Raised booth seating, sometimes used in restaurants, is associated with an increased rate of misstep and fall incidents. In this configuration, the booth is placed on a raised platform that is typically six inches above the adjacent floor, resulting in a single riser stair.
Single riser stairs, when not identified by pedestrians, create a risk of mis-steps when entering or leaving the booth. In this article, Architect & Premises Safety Expert, Scott Klimek discusses the hazards presented by the use of single riser stair platforms for booth seating in restaurants, and the design codes and standards that apply.
Raised Booth Platform Seating – Expert Article
Raised platform and single step booth seating are unnecessary dangers. Accidents and injuries caused by raised booth seating can be avoided if designers and operators follow applicable building codes and standards for safe walkways and stairs.
Single steps are the leading cause of mis-steps. Air steps occur when a pedestrian expects the floor to be planar and is surprised and caught off balance when the foot travels lower or further than anticipated. Building codes and standards for walkways and stairs aim to eliminate or minimize the use of single steps.
Injuries can happen at raised booth seating when a patron leaves their table, but has forgotten about the step they encountered when arriving to the booth. Upon exiting they attempt to locate the floor in the aisle, of a similar or same finish material, sometimes under low lighting conditions. The patron assumes they are on the same level, only to find that the fall of their step takes them off balance and suddenly looking for recovery. In the best case scenario, recovery could be achieved by way of a hand rail, but restaurants typically do not provide a handrail at single step raised platform booths.
Design Codes and Standards
With three or fewer risers, the raised booth acts as a low rise stair and must meet the requirements set forth in the building code. Low-rise stairs are allowed by exception but only if made conspicuous with handrails or contrasting floor materials. Stair accidents are common where the user makes an error in judgement due to a distraction, irregularity, or deception built into the surrounding environment of the stair. Proper warning, lightning, and guards do not always meet a restaurant’s hospitable design aesthetic, and are often left out.
When designing and using a single riser step in raised booth seating, the following should be considered:
- Short flight stairs should be avoided where possible.
- In situations where a short flight stair or single step transition exists or cannot be avoided, obvious visual cues shall be provided to facilitate improved step identification. Handrails, delineated nosing edges, tactile cues, warning signs, contrast in surface colors, and adjacent lighting are examples of some appropriate warning cues.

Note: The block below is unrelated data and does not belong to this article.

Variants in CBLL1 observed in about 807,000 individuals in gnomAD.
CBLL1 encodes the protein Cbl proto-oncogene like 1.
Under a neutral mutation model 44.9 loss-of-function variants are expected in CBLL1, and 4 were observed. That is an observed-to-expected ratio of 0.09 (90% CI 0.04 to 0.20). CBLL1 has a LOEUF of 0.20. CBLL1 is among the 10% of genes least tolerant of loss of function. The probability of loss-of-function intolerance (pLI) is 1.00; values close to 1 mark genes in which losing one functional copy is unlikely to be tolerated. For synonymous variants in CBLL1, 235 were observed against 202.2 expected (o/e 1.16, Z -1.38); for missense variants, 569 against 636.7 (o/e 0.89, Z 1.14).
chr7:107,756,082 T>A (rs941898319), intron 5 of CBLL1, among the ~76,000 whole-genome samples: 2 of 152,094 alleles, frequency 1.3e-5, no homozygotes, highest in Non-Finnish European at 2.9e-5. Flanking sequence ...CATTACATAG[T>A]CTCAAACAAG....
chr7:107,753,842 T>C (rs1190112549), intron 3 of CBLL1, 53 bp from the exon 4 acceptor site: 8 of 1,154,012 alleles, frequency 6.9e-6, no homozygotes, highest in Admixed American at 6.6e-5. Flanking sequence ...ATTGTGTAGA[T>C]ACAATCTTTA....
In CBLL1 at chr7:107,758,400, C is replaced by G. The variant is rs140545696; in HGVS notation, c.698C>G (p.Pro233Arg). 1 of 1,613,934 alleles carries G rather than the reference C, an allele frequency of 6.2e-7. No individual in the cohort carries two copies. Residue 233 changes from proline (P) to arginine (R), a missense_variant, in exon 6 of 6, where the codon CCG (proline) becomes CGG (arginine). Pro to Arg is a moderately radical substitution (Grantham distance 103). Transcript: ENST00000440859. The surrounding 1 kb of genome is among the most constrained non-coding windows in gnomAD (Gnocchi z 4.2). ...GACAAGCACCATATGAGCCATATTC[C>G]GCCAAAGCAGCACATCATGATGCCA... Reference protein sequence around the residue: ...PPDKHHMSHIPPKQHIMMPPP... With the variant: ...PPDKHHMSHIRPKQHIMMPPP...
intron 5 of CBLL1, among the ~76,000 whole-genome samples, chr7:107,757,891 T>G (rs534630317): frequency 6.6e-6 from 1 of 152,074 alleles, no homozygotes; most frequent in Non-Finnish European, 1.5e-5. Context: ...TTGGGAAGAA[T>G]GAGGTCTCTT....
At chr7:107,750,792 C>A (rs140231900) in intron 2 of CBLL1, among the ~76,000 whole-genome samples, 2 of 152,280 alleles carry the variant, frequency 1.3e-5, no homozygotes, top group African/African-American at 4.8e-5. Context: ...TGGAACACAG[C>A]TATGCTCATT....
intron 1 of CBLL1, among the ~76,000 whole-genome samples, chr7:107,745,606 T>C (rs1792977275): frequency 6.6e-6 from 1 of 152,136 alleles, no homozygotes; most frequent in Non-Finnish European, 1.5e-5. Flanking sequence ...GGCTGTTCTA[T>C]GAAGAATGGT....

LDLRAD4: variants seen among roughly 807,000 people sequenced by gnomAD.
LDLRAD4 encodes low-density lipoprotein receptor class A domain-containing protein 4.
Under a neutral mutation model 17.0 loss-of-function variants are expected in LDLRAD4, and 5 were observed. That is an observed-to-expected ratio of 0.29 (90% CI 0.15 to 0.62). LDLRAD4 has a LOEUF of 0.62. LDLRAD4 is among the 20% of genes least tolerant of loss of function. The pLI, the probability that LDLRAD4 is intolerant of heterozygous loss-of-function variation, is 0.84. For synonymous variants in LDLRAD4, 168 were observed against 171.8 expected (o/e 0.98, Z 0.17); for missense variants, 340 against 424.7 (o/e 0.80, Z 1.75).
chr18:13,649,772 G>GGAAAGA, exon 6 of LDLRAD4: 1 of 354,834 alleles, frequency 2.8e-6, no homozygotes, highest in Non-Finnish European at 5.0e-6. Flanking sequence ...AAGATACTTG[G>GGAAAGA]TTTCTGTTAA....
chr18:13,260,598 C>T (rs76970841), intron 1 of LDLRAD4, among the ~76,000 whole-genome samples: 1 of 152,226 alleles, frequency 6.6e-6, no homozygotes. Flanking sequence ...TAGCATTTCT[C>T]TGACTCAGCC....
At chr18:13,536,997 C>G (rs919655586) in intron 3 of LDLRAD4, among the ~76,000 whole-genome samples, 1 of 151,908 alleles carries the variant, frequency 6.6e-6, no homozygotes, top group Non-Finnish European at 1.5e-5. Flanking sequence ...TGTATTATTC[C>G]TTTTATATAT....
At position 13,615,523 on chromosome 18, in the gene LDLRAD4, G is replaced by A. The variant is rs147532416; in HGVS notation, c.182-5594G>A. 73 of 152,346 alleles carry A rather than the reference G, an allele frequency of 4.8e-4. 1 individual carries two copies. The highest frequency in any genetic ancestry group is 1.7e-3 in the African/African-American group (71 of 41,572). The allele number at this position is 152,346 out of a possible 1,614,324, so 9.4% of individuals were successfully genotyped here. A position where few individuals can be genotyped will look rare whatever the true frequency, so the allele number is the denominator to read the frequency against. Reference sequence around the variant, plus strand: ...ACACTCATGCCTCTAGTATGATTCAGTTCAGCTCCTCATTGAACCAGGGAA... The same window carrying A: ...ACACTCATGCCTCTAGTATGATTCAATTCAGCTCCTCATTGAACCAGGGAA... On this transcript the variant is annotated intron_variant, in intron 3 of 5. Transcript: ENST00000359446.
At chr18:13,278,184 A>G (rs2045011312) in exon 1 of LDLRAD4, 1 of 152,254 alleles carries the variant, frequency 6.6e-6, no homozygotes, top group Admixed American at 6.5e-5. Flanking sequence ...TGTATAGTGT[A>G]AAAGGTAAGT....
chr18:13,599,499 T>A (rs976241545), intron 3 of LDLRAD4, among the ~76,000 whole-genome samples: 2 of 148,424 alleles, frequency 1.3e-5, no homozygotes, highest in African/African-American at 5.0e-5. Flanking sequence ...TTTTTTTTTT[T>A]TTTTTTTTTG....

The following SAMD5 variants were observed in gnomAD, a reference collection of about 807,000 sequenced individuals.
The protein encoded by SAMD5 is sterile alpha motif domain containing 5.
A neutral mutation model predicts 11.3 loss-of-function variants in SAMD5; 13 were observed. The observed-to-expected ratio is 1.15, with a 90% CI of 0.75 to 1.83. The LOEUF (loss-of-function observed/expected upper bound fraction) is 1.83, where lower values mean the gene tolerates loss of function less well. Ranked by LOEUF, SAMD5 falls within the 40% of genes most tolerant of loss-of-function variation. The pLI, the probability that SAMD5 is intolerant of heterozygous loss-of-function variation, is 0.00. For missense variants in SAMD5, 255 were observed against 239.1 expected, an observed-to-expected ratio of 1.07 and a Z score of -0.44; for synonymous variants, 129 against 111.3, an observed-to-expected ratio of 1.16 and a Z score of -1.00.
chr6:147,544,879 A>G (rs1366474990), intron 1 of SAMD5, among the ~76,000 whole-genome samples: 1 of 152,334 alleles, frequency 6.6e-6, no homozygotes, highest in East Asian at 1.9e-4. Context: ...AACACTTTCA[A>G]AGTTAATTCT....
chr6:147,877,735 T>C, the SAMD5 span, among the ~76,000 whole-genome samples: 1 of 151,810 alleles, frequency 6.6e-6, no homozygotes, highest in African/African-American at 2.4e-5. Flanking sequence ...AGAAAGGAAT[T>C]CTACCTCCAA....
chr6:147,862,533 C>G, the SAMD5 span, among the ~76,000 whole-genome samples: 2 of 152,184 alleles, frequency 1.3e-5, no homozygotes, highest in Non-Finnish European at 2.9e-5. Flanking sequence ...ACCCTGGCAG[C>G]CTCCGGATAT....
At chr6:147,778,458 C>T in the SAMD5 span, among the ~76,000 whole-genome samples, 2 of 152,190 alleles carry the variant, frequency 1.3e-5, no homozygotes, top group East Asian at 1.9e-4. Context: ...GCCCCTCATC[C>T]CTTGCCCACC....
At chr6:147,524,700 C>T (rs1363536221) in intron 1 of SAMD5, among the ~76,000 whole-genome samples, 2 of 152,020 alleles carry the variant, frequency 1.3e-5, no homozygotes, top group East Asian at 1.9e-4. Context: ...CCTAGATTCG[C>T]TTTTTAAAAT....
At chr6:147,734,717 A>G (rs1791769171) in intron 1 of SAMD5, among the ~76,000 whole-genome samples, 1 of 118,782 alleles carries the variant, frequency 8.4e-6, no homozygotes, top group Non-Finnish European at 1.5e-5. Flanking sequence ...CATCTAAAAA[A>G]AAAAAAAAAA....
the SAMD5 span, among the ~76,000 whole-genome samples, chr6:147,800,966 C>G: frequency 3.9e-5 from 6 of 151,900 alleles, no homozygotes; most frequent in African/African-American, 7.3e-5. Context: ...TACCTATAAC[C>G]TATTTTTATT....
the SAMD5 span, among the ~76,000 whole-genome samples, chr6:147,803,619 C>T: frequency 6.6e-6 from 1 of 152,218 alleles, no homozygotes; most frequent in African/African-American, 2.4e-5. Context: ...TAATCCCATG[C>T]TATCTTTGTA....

- The use of visual cues such as warnings, accent lighting, handrails, contrast painting, and other cues to improve the safety of walkway transitions are recognized as effective controls in some applications. However, such cues or warnings do not necessarily negate the need for safe design and construction.
By design, restaurants are vibrant and active environments which may distract patrons from hazards that are present. The primary reason short flights are dangerous is that the difference in elevation between the two floors is difficult to identify and gauge, and people sometimes don’t see the level change until they have already begun to fall. If raised platforms must be included, employing as many visual clues as possible will facilitate improved step identification. These visual cues which emphasize the location of the step, stair or encroachment to draw the user’s attention to it include;
- Lighting on the stairway in a manner that will emphasize the treads and handrails, and deemphasize everything else that’s visible to the stair user
- Tread color and material, nosing edges, handrails, or surrounding walls
- Warning signs
People do not always monitor the detailed condition of the walking surface. The normal line of site is about 15 degrees below horizontal relative to the eyes. Most of the time people do not walk around looking down at their feet, so small changes in surface elevation and other surface inconsistencies are not always seen. Even if someone is looking down at the surface, it remains possible that irregularities will not be perceived.
Restaurant patrons may be too close to the step for it to be within their normal line of sight. By extending the floor of the booth further beyond the table and providing patrons a safe and limited area where they could step down from the raised platform to the floor below, they would have had an opportunity to identify that the change in level existed. Raised booth seating increases the risk of missteps and fall incidents, but when designed with the proper safety features and warnings, the occurrence of mis-steps and resulting injuries can be minimized.
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Architecture, Construction & Premises Safety Expert
Scott Klimek is a Licensed Architect with over 20 years of experience in building design, document preparation, code compliance, and construction administration procedures. He has a diversified background that includes all phases of project design, construction, and occupancy, from initial conception through final acceptance, use and maintenance, and demolition. Scott is experienced in the design and documentation of large scale commercial and residential projects. These have included highly specialized projects such as healthcare, justice and corrections facilities, educational institutions, arts and entertainment facilities, and sports facilities. He is also well versed in issues for special users, including Barrier-Free standards and Americans with Disabilities Act (ADA) guidelines.